Iím curious to know if any of these film recorders are in use nowadays, mainly due to scarcity of the required E6 film & processing. The 1620 Kodak LVT model could print to 16x20 type-c paper which could be used as the intermediate also.

Again, the process did work well.

Lately, Iíve heard of ďartistsĒ re-photographing inkjet prints to satisfy requests for high resolution files. Even that seems to be working for them.
Logged

nirpat89

  • Full Member
  • ***
  • Offline Offline
  • Posts: 128
    • Photography by Niranjan Patel
Re: Non-Halftone Photo Print or Color Transparency from Digital File
« Reply #9 on: September 07, 2017, 06:16:18 PM »

It seems counterintuitive to me that digital to print to scan to print will be better than digital to print.  You will be better off making a higher resolution file by interpolation in Photoshop and print your mural.
Logged

donbga

  • Sr. Member
  • ****
  • Offline Offline
  • Posts: 382
Re: Non-Halftone Photo Print or Color Transparency from Digital File
« Reply #10 on: September 07, 2017, 09:09:49 PM »

Well Slobodan, I guess I have to do it both ways and compare. That's one sure way to know for sure. But I have to say the Scanning Data is 'Real' data. The software does a good job, up to a point. But Scanning, pleases me a gives me what I want.

What I will do is let you know/see how the results of both processes look. Unless someone else had 'already' done it BOTH ways and can show us something.

Here is the image:

https://www.shutterstock.com/image-photo/williamsburg-bridge-view-new-york-city-260608442

Crop out most of the sky and enlarge 1000%. Print it a original size first, then compare the enlargement to the original.

I've compared letting a Rip enlarge vs software and got about the same results (depends on the Rip) but these two vs more data from the Scanner should be of lessor quality. This is what I'll test.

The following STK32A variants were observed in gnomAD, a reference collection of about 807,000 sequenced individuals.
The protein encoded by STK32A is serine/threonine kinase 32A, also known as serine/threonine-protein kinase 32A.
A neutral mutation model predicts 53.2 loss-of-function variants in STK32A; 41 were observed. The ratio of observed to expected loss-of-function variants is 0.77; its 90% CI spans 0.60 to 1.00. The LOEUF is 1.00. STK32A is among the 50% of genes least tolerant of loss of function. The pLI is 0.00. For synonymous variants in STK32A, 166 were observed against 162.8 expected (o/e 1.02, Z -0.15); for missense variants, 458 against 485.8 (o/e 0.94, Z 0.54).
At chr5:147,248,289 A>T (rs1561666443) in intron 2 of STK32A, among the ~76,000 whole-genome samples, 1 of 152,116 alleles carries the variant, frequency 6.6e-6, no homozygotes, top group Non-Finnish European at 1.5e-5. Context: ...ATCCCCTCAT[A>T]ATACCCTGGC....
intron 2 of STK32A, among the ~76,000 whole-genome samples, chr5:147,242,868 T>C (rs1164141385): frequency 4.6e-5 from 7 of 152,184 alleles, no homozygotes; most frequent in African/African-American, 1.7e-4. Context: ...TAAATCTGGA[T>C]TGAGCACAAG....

ps. I've already seen how banged up the wires on that bridge is; I thing the sky was replaced, in a not so good technique

How are you scanning your negative?
Logged

Stephen Ray

  • Jr. Member
  • **
  • Offline Offline
  • Posts: 53
Re: Non-Halftone Photo Print or Color Transparency from Digital File
« Reply #11 on: September 07, 2017, 09:50:23 PM »

Can a Color Transparency be made from a Digital File? (11x17 or less)

Try...

Link to Bowhouse for LVT output

I have just glanced at their site and noticed their Kodak LVT service. I'm familiar with Bowhouse and I have seen outstanding large prints they have produced for world-class photographers from marginal-resolution files.
Logged

BartvanderWolf

  • Sr. Member
  • ****
  • Offline Offline
  • Posts: 7314
Re: Non-Halftone Photo Print or Color Transparency from Digital File
« Reply #12 on: September 08, 2017, 09:14:54 AM »

How are you scanning your negative?

Yes.  Anything less than a good (drum)scan at 6000-8000 PPI will be a compromise. Then, each sequential print/duplicate will lose/change some of the tonality.

Applications like Perfect Resize, or PhotoZoom Pro, or handcrafted resampling techniques with e.g. ImageMagick, will allow very good first generation output from a digital original. Applications like Qimage even allow to push the (inkjet)printer beyond its normal resolution capabilities with its "Overdrive" feature and allows to apply halo-free output sharpening at the final output size (at the native printer's resolution).

It's unlikely that multiple generation outputs can match that quality level.

Cheers,
Bart
Logged
== If you do what you did, you'll get what you got. ==
Pages: [1]   Go Up